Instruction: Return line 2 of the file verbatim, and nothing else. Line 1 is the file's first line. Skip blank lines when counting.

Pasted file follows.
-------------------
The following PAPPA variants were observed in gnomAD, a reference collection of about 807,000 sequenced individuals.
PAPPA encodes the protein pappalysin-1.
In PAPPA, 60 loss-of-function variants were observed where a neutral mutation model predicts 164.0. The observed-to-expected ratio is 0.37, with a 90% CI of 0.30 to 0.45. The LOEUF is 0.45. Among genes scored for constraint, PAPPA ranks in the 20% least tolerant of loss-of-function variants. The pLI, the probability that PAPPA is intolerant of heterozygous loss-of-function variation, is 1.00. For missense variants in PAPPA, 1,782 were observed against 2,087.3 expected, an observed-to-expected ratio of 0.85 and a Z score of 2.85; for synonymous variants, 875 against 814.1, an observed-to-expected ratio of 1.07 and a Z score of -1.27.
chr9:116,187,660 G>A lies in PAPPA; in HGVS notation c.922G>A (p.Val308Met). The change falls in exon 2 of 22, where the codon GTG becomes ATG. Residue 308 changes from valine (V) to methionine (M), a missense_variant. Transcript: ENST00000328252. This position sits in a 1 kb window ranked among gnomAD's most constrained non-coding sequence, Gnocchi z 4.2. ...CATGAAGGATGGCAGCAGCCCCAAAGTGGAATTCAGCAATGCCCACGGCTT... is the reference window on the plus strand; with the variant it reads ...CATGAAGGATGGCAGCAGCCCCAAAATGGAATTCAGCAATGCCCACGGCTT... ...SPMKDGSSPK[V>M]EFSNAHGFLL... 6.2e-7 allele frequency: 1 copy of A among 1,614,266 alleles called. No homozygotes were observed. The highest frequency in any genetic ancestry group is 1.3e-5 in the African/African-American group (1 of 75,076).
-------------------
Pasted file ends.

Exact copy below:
PAPPA encodes the protein pappalysin-1.